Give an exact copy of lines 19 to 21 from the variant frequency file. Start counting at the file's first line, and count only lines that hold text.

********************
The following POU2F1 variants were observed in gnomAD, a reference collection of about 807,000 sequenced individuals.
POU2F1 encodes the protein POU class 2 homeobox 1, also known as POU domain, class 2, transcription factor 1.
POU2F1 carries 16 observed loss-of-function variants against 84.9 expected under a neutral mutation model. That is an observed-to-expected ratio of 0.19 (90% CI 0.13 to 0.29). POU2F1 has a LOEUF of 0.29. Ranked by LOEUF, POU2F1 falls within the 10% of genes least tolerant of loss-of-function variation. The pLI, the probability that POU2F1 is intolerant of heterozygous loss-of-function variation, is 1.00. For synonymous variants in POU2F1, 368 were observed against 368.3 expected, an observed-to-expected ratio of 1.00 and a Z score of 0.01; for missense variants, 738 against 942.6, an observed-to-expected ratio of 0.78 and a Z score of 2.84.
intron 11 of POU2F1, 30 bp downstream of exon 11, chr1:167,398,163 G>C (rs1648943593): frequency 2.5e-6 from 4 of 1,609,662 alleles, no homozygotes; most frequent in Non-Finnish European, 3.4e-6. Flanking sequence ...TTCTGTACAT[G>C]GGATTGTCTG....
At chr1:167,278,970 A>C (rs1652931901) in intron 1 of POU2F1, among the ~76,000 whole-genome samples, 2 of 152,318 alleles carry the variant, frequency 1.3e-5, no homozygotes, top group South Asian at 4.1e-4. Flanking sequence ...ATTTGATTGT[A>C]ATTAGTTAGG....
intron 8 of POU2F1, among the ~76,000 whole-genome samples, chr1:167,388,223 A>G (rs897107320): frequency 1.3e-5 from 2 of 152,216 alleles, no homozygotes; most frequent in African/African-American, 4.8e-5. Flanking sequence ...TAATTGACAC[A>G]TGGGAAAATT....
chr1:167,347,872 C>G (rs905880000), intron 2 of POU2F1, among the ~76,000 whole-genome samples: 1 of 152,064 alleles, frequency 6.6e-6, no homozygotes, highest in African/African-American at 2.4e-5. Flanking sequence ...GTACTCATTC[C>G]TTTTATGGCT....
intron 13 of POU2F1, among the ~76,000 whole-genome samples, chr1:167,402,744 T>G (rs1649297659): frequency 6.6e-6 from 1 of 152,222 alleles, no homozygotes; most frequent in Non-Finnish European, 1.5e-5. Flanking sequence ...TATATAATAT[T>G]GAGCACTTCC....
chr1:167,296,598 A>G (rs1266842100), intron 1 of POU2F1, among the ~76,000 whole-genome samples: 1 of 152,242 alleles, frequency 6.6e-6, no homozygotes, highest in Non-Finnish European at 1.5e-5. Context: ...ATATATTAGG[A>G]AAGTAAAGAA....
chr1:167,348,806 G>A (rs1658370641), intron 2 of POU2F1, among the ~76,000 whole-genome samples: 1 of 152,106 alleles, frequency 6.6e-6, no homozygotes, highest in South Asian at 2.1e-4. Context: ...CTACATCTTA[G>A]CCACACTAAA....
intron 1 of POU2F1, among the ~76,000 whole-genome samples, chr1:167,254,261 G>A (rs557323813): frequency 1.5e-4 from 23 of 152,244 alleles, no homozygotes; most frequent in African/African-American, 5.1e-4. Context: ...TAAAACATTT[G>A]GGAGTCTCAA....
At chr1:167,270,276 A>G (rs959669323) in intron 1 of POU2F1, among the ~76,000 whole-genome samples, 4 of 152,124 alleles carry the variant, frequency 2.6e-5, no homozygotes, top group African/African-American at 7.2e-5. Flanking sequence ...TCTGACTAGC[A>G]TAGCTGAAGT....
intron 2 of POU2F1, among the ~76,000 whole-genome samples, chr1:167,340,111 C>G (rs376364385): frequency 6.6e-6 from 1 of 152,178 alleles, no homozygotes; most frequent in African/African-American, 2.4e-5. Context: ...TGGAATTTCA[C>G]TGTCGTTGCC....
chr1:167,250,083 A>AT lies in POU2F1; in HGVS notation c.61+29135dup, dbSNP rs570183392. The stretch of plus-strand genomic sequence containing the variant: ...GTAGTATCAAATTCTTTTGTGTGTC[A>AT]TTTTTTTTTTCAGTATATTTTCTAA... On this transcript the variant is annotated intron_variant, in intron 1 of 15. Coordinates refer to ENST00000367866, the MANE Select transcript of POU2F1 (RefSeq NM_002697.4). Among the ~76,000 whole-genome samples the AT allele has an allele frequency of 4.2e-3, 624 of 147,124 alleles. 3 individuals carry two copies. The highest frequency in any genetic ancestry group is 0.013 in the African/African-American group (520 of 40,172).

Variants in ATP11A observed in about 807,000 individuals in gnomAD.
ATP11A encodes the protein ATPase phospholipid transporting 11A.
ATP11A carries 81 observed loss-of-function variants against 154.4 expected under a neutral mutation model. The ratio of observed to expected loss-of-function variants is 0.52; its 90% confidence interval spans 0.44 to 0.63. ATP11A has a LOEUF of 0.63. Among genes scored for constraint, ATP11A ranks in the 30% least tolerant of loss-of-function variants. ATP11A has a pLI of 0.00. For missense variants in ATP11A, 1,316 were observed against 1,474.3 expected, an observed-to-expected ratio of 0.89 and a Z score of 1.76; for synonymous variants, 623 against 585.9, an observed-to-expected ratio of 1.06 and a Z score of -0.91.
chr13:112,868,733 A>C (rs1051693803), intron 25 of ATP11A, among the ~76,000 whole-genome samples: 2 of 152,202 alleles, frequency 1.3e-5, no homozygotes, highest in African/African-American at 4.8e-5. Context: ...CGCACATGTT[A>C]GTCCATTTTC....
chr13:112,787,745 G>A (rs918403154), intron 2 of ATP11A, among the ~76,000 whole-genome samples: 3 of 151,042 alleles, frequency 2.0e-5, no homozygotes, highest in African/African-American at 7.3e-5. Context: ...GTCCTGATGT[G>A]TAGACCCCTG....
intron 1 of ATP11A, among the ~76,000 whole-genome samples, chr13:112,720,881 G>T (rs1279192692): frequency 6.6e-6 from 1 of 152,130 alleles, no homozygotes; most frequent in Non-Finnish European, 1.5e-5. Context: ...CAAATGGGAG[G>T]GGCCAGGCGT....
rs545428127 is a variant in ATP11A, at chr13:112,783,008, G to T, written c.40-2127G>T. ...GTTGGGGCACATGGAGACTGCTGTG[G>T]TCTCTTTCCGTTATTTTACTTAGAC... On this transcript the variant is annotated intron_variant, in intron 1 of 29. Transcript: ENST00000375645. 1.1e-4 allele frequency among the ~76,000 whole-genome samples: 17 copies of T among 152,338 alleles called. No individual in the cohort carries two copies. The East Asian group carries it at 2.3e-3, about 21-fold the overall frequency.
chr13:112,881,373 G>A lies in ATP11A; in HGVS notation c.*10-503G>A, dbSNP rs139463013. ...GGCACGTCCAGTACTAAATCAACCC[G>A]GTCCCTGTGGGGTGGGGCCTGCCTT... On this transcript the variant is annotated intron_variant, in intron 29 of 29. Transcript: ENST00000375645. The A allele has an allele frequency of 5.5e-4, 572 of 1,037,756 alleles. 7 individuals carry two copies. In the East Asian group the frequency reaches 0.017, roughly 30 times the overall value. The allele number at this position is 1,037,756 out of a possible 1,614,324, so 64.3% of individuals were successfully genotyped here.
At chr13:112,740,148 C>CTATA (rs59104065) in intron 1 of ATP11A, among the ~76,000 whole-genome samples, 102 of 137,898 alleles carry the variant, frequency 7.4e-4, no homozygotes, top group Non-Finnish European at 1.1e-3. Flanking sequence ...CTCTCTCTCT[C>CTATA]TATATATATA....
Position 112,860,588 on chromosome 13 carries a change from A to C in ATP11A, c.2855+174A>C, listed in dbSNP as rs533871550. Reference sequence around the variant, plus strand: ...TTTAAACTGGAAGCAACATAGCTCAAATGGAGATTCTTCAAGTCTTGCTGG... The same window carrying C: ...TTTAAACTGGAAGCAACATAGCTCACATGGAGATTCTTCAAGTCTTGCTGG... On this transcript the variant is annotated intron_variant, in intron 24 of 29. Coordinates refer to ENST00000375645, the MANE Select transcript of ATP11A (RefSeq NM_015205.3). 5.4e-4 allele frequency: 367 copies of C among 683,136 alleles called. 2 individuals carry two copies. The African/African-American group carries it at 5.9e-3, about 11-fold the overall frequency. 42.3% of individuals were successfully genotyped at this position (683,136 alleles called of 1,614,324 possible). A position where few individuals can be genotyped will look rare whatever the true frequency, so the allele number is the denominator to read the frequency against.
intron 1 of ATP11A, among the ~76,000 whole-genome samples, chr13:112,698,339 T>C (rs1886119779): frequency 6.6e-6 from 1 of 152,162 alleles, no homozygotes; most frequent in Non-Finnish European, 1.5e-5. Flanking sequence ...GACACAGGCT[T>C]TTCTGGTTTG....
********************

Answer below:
chr13:112,787,745 G>A (rs918403154), intron 2 of ATP11A, among the ~76,000 whole-genome samples: 3 of 151,042 alleles, frequency 2.0e-5, no homozygotes, highest in African/African-American at 7.3e-5. Context: ...GTCCTGATGT[G>A]TAGACCCCTG....
intron 1 of ATP11A, among the ~76,000 whole-genome samples, chr13:112,720,881 G>T (rs1279192692): frequency 6.6e-6 from 1 of 152,130 alleles, no homozygotes; most frequent in Non-Finnish European, 1.5e-5. Context: ...CAAATGGGAG[G>T]GGCCAGGCGT....
rs545428127 is a variant in ATP11A, at chr13:112,783,008, G to T, written c.40-2127G>T. ...GTTGGGGCACATGGAGACTGCTGTG[G>T]TCTCTTTCCGTTATTTTACTTAGAC... On this transcript the variant is annotated intron_variant, in intron 1 of 29. Transcript: ENST00000375645. 1.1e-4 allele frequency among the ~76,000 whole-genome samples: 17 copies of T among 152,338 alleles called. No individual in the cohort carries two copies. The East Asian group carries it at 2.3e-3, about 21-fold the overall frequency.